The Hat Theory
I remember as an awkward 15 year old with braces and bad hair-my dad (talking from beneath a furry Eskimo hat) declaring that if you want to wear attention-seeking headwear, you need to have the personality to carry it off: “If you lack the character, then rather leave your head bare” he instructed knowingly.
I took this to heart and never wore anything else other than the odd nylon hood on wintery school mornings until my fashion-epiphany when I discovered a love of clothes and what they say about the wearer. Part of this realisation has included an appreciation for hats: animal print, floppy denim, Eastern…have all captured my heart.
I now disagree with my father, anyone can wear a hat. Whether you’re a toddler frolicking in the sea wearing nothing but a protective sunhat, a pensioner with a talent for bowls in a crown of tweed or a delinquent teen in a neon ‘Monster’ cap; you have every right to wear a hat. In fact, I would say (gently) that you should wear a hat.
Why? Well recently, on one of my regular web procrastination sessions, I came across an interesting piece on Dr Seuss and his fondness for all things hatty. Most of Seuss’s characters wore hats or at had something noticeable shooting from their heads.
And this is by no means a random coincidence either. Apparently Dr Seuss, (real name Theodor Seuss Geisel) had quite the hat collection, including a state band number very similar to a lampshade. According to the chief editor of Seuss’s publishing house, whenever he was suffering from writer’s block, the writer would pull out a wide sombrero or pointed hat and sit pondering a name for one his peculiar beasts.
So influential is Seuss’s assembly of hats, that they have been placed in an exhibition of his work, (timed to the 75th anniversary of his book ‘the 500 Hats of Bartholemew Cubbins’) where about a dozen of them will be on public display.
Seuss, who also worked as a copywriter, even incorporated hats into the ads he wrote, including the well-known insecticide ad where a mosquito is seen surging through a woman’s floral hat. The advert boosted his career and: “…became part of one of the longest-running campaigns in advertising history.”*
This makes me think that hats have the ability to add an air of possibility, creativity even. As someone studying advertising I’m familiar with the ‘stuck in a brain-fart of despair’ feeling. In these times I’m instructed to: ‘Do something else’ ‘take a break’ or ‘move to a different environment.’ My fellow creatives all have different ways of dealing with the intellectual head-jam. The skater blasts trance through her giant headphones, the freckled jock casually swings a cricket bat while the bearded-hipster cycles anxiously around on his bike, interrogating others on their ideas.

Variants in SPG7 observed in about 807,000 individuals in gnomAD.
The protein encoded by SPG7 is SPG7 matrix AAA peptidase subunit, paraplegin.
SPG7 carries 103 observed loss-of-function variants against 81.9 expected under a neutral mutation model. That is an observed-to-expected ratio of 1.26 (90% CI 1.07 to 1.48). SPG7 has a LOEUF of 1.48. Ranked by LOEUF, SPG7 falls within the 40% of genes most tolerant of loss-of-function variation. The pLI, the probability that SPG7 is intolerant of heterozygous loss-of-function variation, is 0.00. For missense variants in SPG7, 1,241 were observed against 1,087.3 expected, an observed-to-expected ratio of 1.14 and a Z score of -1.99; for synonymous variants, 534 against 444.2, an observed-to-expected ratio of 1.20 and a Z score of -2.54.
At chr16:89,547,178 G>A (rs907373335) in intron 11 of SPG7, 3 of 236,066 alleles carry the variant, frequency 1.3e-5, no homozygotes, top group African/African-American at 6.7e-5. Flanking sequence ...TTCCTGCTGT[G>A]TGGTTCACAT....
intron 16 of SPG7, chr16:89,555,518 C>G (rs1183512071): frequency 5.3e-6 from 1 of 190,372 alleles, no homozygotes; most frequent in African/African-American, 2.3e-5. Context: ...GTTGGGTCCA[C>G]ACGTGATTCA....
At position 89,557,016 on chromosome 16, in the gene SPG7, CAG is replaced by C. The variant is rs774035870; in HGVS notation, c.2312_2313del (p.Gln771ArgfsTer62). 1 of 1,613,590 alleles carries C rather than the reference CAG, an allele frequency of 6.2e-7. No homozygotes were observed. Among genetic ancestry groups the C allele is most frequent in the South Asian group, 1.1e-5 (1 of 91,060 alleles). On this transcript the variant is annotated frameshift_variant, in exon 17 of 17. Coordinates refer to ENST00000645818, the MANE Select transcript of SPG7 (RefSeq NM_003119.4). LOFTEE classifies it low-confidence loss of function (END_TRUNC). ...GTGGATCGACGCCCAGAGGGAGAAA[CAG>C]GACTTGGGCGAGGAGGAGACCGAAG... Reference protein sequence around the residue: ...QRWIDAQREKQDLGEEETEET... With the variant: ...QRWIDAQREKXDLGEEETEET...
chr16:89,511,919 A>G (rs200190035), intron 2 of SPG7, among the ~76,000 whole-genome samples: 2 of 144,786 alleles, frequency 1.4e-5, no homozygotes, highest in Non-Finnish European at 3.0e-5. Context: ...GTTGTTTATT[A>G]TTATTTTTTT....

But perhaps there’s a better way of unsticking the sticky thought process. Maybe if we all brought a hat to college, one which makes us feel unrestrained and, (as my mother would say) groovy, then we’d have a whole new look to think in. So when feeling uninspired, you don a bonny bonnet or a tapered trilby and borrow someone else’s brain for a while. Because sometimes that’s all you need to get the creative juices flowing; a different perspective or approach to the subject.
And why stop at using the hat-theory for just the work you’re doing? The next time you get yelled at for swigging milk out the bottle or drunkenly eating your room-mate’s lasagne, just blame it on the hat you were wearing: “Sorry boet, but you know I get the munchies when I’m in my stoner beanie.” Personally, I think I’ve stumbled across something life-changing here peeps.
Considering the amount of time we spend deliberating what shade of turquoise our toenails should be, it seems almost criminal to ignore our heads. Surely our vital grey matter should be roofed by something eye-catching? Definitely it should be something feathered, felted, and draped in velvet. (Brownie points if the chosen piece blocks someone’s view of a movie screen.)
Headwear supporters unite! Together we can forge a way through the tunnel of artistic darkness when wearing the bejewelled headlamps.